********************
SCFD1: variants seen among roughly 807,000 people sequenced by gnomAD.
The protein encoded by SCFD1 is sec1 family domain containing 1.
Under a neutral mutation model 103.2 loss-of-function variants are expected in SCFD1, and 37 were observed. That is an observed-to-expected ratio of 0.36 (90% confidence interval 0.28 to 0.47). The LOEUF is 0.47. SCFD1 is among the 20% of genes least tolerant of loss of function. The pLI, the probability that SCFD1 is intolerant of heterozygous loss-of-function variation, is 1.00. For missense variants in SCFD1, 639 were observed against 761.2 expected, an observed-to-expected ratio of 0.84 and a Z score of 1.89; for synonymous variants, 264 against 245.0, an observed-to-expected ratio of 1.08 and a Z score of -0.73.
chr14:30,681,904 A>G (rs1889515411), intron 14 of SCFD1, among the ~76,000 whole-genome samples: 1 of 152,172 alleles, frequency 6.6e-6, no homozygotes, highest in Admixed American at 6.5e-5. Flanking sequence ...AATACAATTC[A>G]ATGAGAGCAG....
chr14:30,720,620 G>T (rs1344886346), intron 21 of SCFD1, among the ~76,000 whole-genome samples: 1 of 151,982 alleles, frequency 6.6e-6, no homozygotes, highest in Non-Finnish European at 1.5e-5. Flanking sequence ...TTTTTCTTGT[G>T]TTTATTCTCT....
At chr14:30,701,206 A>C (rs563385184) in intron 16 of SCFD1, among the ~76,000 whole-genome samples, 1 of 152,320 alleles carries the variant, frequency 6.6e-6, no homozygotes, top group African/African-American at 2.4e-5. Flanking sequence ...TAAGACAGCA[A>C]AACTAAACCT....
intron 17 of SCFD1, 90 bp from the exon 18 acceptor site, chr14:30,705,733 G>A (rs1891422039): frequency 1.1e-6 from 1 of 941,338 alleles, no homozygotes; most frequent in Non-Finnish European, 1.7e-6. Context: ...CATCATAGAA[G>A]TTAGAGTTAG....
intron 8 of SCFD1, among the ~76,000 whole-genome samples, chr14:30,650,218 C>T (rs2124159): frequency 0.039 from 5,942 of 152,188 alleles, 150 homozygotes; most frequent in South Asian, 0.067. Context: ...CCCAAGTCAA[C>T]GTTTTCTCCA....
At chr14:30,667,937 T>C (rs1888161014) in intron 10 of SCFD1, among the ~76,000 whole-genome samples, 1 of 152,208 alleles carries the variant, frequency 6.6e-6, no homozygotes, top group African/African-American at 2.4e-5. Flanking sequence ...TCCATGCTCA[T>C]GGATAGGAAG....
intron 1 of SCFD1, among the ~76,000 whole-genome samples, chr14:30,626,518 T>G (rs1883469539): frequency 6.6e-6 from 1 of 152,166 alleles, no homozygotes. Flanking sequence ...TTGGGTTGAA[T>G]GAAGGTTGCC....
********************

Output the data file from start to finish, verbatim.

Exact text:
SCFD1: variants seen among roughly 807,000 people sequenced by gnomAD.
The protein encoded by SCFD1 is sec1 family domain containing 1.
Under a neutral mutation model 103.2 loss-of-function variants are expected in SCFD1, and 37 were observed. That is an observed-to-expected ratio of 0.36 (90% confidence interval 0.28 to 0.47). The LOEUF is 0.47. SCFD1 is among the 20% of genes least tolerant of loss of function. The pLI, the probability that SCFD1 is intolerant of heterozygous loss-of-function variation, is 1.00. For missense variants in SCFD1, 639 were observed against 761.2 expected, an observed-to-expected ratio of 0.84 and a Z score of 1.89; for synonymous variants, 264 against 245.0, an observed-to-expected ratio of 1.08 and a Z score of -0.73.
chr14:30,681,904 A>G (rs1889515411), intron 14 of SCFD1, among the ~76,000 whole-genome samples: 1 of 152,172 alleles, frequency 6.6e-6, no homozygotes, highest in Admixed American at 6.5e-5. Flanking sequence ...AATACAATTC[A>G]ATGAGAGCAG....
chr14:30,720,620 G>T (rs1344886346), intron 21 of SCFD1, among the ~76,000 whole-genome samples: 1 of 151,982 alleles, frequency 6.6e-6, no homozygotes, highest in Non-Finnish European at 1.5e-5. Flanking sequence ...TTTTTCTTGT[G>T]TTTATTCTCT....
At chr14:30,701,206 A>C (rs563385184) in intron 16 of SCFD1, among the ~76,000 whole-genome samples, 1 of 152,320 alleles carries the variant, frequency 6.6e-6, no homozygotes, top group African/African-American at 2.4e-5. Flanking sequence ...TAAGACAGCA[A>C]AACTAAACCT....
intron 17 of SCFD1, 90 bp from the exon 18 acceptor site, chr14:30,705,733 G>A (rs1891422039): frequency 1.1e-6 from 1 of 941,338 alleles, no homozygotes; most frequent in Non-Finnish European, 1.7e-6. Context: ...CATCATAGAA[G>A]TTAGAGTTAG....
intron 8 of SCFD1, among the ~76,000 whole-genome samples, chr14:30,650,218 C>T (rs2124159): frequency 0.039 from 5,942 of 152,188 alleles, 150 homozygotes; most frequent in South Asian, 0.067. Context: ...CCCAAGTCAA[C>T]GTTTTCTCCA....
At chr14:30,667,937 T>C (rs1888161014) in intron 10 of SCFD1, among the ~76,000 whole-genome samples, 1 of 152,208 alleles carries the variant, frequency 6.6e-6, no homozygotes, top group African/African-American at 2.4e-5. Flanking sequence ...TCCATGCTCA[T>C]GGATAGGAAG....
intron 1 of SCFD1, among the ~76,000 whole-genome samples, chr14:30,626,518 T>G (rs1883469539): frequency 6.6e-6 from 1 of 152,166 alleles, no homozygotes. Flanking sequence ...TTGGGTTGAA[T>G]GAAGGTTGCC....